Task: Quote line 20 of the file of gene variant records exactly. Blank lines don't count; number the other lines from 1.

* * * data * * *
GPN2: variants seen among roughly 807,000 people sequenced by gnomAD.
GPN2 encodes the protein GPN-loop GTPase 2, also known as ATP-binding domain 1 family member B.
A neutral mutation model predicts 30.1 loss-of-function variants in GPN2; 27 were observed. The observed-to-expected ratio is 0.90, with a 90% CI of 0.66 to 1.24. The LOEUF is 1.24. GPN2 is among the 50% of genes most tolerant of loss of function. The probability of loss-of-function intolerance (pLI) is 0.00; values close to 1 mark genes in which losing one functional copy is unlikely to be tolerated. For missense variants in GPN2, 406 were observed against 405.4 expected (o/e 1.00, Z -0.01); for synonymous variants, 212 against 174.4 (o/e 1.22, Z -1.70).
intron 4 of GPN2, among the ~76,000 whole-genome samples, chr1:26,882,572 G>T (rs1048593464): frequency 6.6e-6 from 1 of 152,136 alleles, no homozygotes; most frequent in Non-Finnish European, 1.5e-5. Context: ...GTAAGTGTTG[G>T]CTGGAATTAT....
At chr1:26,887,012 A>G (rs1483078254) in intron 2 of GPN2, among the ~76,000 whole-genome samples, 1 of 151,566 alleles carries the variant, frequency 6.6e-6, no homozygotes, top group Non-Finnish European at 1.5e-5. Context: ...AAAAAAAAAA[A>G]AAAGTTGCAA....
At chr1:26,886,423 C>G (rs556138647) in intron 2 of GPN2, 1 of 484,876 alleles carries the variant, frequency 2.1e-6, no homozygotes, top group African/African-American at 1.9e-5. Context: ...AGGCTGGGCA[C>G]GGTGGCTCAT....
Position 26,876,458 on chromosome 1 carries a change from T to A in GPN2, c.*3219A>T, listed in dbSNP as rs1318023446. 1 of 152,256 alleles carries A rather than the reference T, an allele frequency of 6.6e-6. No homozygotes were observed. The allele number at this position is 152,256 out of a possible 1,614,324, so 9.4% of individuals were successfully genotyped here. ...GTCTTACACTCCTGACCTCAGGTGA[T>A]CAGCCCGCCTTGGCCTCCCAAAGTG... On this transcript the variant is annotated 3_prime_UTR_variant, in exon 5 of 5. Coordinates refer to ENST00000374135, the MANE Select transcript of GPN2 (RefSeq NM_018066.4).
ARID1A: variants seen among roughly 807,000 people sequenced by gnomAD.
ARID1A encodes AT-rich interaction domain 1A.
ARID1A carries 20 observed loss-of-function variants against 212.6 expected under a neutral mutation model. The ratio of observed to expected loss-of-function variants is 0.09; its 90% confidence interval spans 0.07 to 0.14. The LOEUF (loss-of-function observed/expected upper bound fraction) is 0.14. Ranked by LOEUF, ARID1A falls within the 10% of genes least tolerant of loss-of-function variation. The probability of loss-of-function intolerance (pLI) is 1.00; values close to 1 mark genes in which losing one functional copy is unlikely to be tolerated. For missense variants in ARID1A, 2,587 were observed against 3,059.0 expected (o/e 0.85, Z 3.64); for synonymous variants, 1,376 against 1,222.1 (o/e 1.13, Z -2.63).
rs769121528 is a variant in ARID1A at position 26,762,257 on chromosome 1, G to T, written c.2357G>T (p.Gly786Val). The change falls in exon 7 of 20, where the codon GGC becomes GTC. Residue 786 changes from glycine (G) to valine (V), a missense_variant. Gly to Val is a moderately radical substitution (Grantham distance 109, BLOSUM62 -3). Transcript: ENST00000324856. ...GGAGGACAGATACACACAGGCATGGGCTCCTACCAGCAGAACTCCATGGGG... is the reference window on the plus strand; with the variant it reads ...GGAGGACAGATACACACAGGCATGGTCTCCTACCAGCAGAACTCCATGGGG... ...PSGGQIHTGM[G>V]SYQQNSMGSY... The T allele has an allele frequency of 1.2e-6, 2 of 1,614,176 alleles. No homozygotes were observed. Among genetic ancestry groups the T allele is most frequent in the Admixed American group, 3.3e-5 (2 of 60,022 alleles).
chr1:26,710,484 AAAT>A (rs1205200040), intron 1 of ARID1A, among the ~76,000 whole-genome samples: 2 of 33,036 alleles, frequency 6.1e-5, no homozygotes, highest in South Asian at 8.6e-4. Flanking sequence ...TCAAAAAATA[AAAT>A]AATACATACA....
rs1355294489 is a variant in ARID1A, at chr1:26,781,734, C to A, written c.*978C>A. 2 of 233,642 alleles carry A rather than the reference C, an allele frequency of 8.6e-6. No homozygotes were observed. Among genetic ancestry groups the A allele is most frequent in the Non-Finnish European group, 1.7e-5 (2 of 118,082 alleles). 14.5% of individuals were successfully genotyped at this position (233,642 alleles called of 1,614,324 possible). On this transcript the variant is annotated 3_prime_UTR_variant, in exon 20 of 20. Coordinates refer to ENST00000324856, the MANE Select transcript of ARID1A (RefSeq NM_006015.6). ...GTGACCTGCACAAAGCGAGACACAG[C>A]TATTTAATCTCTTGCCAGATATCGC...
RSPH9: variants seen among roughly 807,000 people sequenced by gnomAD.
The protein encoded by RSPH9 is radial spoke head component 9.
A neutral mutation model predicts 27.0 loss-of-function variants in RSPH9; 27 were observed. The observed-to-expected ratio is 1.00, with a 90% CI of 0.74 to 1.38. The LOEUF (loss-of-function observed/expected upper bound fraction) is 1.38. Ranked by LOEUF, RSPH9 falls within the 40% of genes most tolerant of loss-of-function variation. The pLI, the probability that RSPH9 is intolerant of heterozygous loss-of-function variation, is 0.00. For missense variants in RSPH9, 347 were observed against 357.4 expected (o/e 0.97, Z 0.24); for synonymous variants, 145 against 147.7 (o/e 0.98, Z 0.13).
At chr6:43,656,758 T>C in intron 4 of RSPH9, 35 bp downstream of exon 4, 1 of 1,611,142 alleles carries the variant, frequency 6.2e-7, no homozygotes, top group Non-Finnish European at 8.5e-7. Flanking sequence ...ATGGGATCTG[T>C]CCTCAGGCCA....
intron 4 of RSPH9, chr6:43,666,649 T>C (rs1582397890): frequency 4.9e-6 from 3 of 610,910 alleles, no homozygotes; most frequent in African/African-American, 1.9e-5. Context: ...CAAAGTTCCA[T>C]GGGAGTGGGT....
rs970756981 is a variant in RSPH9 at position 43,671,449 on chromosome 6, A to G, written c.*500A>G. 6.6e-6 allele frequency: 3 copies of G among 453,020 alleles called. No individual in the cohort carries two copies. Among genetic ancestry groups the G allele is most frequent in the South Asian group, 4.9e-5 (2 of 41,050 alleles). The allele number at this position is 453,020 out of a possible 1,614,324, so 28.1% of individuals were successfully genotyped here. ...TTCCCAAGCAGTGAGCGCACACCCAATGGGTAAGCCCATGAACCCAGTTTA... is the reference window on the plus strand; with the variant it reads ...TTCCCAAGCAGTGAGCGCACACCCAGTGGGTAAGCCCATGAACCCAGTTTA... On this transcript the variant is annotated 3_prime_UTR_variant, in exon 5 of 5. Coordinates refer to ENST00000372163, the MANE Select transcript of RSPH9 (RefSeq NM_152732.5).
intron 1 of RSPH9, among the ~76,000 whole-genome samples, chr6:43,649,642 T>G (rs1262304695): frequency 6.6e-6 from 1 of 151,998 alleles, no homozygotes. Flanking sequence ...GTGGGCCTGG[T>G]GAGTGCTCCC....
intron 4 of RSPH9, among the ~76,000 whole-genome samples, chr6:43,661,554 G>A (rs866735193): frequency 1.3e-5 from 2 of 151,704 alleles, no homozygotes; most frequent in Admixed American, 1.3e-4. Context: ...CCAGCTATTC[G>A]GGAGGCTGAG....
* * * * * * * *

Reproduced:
intron 1 of RSPH9, among the ~76,000 whole-genome samples, chr6:43,649,642 T>G (rs1262304695): frequency 6.6e-6 from 1 of 151,998 alleles, no homozygotes. Flanking sequence ...GTGGGCCTGG[T>G]GAGTGCTCCC....